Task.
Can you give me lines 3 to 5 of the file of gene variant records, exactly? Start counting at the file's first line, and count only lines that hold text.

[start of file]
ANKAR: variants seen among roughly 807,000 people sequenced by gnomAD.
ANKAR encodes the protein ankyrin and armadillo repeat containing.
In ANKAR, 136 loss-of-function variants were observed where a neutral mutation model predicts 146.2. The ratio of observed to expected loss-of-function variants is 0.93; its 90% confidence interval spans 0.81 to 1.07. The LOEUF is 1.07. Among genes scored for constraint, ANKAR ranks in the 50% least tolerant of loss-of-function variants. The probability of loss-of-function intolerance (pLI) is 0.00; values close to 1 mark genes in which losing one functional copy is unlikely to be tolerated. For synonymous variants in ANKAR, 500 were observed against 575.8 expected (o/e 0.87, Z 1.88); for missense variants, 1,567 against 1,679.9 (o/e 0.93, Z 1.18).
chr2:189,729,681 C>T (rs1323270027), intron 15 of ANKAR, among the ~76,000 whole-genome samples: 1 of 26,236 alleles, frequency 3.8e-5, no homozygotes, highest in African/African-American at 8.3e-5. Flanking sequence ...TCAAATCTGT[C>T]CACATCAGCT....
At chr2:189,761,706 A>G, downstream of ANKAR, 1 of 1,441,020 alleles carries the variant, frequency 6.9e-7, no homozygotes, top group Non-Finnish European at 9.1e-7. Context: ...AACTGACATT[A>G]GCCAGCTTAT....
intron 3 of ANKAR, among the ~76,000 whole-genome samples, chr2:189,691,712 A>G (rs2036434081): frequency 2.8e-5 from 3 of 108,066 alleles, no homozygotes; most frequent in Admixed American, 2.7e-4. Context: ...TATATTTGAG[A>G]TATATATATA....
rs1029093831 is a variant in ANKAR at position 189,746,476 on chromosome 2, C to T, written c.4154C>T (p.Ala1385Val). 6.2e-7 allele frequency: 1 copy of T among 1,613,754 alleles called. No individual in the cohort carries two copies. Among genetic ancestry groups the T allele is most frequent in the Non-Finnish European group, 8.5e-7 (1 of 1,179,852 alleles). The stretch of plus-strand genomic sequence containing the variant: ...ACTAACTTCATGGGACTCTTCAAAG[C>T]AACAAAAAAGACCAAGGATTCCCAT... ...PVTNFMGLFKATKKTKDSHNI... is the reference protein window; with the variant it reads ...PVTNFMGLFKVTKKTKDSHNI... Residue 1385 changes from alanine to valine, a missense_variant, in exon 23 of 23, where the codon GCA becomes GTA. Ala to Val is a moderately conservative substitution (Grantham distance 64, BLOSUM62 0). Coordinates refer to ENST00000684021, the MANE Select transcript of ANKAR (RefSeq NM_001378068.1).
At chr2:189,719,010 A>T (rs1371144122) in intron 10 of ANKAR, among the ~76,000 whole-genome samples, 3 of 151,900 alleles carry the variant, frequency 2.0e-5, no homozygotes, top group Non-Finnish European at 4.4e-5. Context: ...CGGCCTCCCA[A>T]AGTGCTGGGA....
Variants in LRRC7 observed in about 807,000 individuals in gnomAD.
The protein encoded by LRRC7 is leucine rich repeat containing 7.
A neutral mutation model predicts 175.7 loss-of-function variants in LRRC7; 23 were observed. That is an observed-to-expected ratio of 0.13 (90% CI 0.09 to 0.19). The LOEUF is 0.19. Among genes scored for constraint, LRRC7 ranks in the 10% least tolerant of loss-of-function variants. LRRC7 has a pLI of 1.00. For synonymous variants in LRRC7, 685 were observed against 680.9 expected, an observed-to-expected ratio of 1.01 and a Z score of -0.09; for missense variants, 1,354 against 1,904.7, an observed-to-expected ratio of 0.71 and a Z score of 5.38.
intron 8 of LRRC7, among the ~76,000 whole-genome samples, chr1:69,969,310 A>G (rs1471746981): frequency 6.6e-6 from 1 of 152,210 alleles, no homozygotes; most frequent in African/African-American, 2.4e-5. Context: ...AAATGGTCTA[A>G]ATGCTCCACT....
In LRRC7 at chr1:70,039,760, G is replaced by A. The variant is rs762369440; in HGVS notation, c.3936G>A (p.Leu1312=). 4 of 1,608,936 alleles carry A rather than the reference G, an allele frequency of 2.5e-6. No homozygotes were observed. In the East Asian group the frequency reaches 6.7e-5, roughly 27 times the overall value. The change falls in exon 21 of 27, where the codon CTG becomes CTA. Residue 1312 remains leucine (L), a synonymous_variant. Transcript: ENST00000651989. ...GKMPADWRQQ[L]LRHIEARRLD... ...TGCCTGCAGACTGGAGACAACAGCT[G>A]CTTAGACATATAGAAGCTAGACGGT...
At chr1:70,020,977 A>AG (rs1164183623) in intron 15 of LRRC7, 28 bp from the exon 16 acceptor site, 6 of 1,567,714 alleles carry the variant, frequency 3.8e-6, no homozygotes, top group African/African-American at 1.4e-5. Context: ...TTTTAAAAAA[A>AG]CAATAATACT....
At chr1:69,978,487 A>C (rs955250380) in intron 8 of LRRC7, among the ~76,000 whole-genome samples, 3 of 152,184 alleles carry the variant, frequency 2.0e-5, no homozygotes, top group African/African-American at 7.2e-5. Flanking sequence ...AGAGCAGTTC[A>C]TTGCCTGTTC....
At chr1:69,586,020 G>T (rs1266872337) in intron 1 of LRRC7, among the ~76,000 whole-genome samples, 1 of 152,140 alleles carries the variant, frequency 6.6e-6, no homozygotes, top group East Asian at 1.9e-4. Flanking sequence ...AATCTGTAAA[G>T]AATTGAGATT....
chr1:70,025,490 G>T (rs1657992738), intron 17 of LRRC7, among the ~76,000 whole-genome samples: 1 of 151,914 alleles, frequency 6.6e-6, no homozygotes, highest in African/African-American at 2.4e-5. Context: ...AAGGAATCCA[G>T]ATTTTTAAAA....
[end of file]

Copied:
In ANKAR, 136 loss-of-function variants were observed where a neutral mutation model predicts 146.2. The ratio of observed to expected loss-of-function variants is 0.93; its 90% confidence interval spans 0.81 to 1.07. The LOEUF is 1.07. Among genes scored for constraint, ANKAR ranks in the 50% least tolerant of loss-of-function variants. The probability of loss-of-function intolerance (pLI) is 0.00; values close to 1 mark genes in which losing one functional copy is unlikely to be tolerated. For synonymous variants in ANKAR, 500 were observed against 575.8 expected (o/e 0.87, Z 1.88); for missense variants, 1,567 against 1,679.9 (o/e 0.93, Z 1.18).
chr2:189,729,681 C>T (rs1323270027), intron 15 of ANKAR, among the ~76,000 whole-genome samples: 1 of 26,236 alleles, frequency 3.8e-5, no homozygotes, highest in African/African-American at 8.3e-5. Flanking sequence ...TCAAATCTGT[C>T]CACATCAGCT....
At chr2:189,761,706 A>G, downstream of ANKAR, 1 of 1,441,020 alleles carries the variant, frequency 6.9e-7, no homozygotes, top group Non-Finnish European at 9.1e-7. Context: ...AACTGACATT[A>G]GCCAGCTTAT....